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News Release - Manitoba

March 10, 2023

Manitoba Government Introduces Bill to Implement Budget 2023

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Proposed Legislation would Provide Historic Help for Manitobans, Ensure Unprecedented Funding for Vital Services, Keep Province on Sound Fiscal Track: Cullen

The Manitoba government has introduced legislation required to implement Budget 2023, which provides historic help for Manitobans and reinvests every cent of new revenue to help Manitobans make ends meet and strengthens services they depend on. This has been accomplished while keeping the province on track to eliminate the deficit, Finance Minister Cliff Cullen announced today.

“Over the last 12 months, Manitoba’s economy has outperformed expectations and under the strong leadership of Premier Heather Stefanson more Manitobans are working than ever before,” said Cullen. “Budget 2023 provides unprecedented financial support that will lead to safer streets, stronger communities, the healing of our health-care system, and new opportunities for all Manitobans. We are delivering historic investments that will help the economy grow and we are confident Manitoba’s future looks bright.”

The act will make the necessary amendments to the Income Tax Act including:

  • lowering income taxes by adjusting the Basic Personal Amount to $15,000 for the 2023 tax year;
  • allowing Manitobans to keep more income by adjusting Manitoba’s tax bracket thresholds to $47,000 and $100,000 effective Jan. 1 of the 2024 tax year;
  • establishing a refundable tax credit to support the Carbon Tax Relief Fund which helps Manitobans cope with the negative impacts of higher costs from food to fuel;
  • expanding eligibility for the Interactive Digital Media Tax Credit to allow for more flexible forms of employee compensation and incentives as eligible labour expenditures, effective April 1; and
  • making permanent the Mineral Exploration Tax Credit and the Green Energy Equipment Tax Credit, which was to expire on July 1.

The Health and Post-Secondary Education Tax Levy Act will be amended to increase the exemption threshold for the health and post-secondary education tax levy (also known as the payroll tax) to $2.25 million from $2 million and increasing the threshold below which the lower effective rate applies to $4.5 million from $4 million.

The minister noted that if fiscal updates show better than expected revenue performance the Manitoba government will implement the first rate reduction in 25 years in the tax levy for 2024, to 4.0 per cent from 4.3 per cent on payroll between $2.25 million and $4.5 million and to 2.0 percent from 2.15 per cent on payroll exceeding $4.5 million.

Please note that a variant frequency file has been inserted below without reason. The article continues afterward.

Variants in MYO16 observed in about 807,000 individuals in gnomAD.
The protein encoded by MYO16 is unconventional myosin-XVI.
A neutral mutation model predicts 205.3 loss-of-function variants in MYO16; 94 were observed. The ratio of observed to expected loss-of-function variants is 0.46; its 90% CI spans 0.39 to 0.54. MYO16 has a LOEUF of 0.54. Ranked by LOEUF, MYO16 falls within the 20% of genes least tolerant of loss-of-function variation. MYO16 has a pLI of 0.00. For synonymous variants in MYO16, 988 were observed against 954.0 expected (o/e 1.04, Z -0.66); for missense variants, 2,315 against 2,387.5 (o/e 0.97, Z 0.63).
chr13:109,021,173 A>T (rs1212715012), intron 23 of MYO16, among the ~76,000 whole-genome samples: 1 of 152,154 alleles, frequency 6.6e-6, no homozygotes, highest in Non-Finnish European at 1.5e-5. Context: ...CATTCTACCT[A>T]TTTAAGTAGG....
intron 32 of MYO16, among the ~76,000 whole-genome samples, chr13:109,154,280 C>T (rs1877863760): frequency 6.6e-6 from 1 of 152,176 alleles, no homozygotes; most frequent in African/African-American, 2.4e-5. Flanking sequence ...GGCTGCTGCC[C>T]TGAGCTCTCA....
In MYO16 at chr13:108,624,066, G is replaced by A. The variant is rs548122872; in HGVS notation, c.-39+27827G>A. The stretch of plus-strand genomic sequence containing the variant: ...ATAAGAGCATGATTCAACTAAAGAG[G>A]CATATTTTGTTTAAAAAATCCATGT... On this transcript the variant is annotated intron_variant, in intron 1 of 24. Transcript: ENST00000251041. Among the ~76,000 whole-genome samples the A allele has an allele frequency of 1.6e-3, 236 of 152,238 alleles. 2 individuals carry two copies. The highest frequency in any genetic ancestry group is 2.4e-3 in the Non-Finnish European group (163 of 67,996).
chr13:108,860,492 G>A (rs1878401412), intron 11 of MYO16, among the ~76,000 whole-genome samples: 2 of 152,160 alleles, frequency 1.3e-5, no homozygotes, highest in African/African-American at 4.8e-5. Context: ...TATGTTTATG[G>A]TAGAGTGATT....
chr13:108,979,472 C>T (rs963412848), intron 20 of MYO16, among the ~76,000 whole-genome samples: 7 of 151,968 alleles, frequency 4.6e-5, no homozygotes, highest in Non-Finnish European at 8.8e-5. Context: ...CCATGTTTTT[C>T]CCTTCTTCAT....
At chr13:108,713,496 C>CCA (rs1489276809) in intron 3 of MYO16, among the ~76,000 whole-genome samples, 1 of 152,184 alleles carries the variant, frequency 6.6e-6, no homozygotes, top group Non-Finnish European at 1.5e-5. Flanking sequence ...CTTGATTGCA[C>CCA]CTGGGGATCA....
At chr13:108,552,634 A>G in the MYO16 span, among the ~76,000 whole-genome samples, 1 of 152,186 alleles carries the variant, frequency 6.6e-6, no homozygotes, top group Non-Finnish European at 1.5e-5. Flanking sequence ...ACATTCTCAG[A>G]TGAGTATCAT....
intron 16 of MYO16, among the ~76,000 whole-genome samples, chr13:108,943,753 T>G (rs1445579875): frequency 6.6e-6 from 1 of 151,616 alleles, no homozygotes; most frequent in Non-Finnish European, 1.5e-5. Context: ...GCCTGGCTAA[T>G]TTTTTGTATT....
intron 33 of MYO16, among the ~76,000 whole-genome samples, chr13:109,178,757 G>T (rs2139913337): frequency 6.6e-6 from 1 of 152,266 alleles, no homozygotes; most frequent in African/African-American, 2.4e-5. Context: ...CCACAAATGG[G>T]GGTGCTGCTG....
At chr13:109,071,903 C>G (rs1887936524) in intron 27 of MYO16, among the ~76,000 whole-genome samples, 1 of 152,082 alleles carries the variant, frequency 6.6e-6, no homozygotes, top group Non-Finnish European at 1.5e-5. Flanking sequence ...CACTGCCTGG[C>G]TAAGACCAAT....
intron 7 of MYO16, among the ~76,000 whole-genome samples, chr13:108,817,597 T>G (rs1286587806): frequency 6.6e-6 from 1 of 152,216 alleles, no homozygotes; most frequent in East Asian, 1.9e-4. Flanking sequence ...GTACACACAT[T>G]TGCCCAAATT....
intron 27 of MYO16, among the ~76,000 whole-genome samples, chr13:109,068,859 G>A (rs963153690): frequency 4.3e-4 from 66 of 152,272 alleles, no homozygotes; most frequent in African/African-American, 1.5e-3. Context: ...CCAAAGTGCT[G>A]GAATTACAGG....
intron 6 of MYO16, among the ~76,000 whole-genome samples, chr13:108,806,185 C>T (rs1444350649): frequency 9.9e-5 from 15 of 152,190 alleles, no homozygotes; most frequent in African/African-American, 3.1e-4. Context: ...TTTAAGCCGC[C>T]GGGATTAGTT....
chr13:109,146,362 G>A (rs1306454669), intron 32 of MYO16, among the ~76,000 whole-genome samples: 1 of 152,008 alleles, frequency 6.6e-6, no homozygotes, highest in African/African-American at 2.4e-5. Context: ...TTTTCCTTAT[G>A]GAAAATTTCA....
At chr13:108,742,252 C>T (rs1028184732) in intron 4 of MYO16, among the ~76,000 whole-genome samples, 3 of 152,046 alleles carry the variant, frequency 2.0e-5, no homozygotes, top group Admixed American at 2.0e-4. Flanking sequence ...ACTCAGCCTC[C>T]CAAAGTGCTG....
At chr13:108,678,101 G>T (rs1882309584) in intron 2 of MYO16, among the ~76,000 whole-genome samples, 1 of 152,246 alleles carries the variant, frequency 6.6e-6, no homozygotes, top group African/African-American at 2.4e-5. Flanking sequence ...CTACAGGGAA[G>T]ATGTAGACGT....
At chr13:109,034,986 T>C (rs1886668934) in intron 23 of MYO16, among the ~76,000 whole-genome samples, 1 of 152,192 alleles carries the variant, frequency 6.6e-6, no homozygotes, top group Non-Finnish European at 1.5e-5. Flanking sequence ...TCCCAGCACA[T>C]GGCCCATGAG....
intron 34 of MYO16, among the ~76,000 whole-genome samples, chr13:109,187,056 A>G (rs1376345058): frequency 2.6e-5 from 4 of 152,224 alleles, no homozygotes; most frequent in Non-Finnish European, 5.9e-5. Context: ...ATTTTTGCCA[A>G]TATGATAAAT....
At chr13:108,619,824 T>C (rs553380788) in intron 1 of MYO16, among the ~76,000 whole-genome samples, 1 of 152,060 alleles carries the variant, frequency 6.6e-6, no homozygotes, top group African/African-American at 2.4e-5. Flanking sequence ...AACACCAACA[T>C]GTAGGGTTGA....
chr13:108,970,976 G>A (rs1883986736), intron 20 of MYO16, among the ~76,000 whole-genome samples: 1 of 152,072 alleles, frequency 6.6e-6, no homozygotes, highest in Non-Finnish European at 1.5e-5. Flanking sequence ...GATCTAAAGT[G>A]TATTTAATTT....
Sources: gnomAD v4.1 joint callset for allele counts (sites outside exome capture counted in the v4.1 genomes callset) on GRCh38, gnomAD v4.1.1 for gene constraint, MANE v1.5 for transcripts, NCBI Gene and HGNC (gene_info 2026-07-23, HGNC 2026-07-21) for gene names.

The minister noted that to enact the majority of the taxation measures, historic investments into vital services, and additional financial relief outlined in Budget 2023, the budget will need to be passed before the end of the legislative session on June 1.

Additionally, the School Tax Rebate for residential and farm properties increases to 50 per cent in 2023 from 37.5 per cent in 2022. The average rebate to a homeowner will increase to $774 in 2023 from $581 in 2022. Changes to the School Tax Rebate were first passed as part of Budget 2022. Rebates are delivered the month in which municipal property taxes are due and will begin being received in Winnipeg and Brandon in June.

“These tax reductions and tax credit enhancements will provide tax relief to Manitoba taxpayers, encourage investment, and improve Manitoba's competitiveness as a place to live, work and do business,” said Cullen. “Our government wants to thank all Manitobans for their input during our pre-budget engagements, as well as the Premier’s Economic Advisory Council on Competitiveness and the Tax Competitiveness Working Group for their advice on these measures. Further work with these groups will continue to advance our ongoing efforts to modernize Manitoba’s tax system, making it more affordable and more competitive with other provinces.”

Measures in Budget 2023 including the school tax rebate, changes to the Provincial Basic Personal Amount and updates to tax bracket thresholds are expected to provide over $5,500 in savings for the average family by 2024, the minister noted, adding if the budget implementation legislation does pass by June 1 that Manitobans will see an immediate addition of approximately $50 per month to their paycheques starting in July.

In addition, administrative changes are being made to the Tax Administration and Miscellaneous Taxes Act, the Financial Administration Act, the Executive Government Organization Act and the Community Child Care Standards Act.

For more information on Budget 2023 measures, visit

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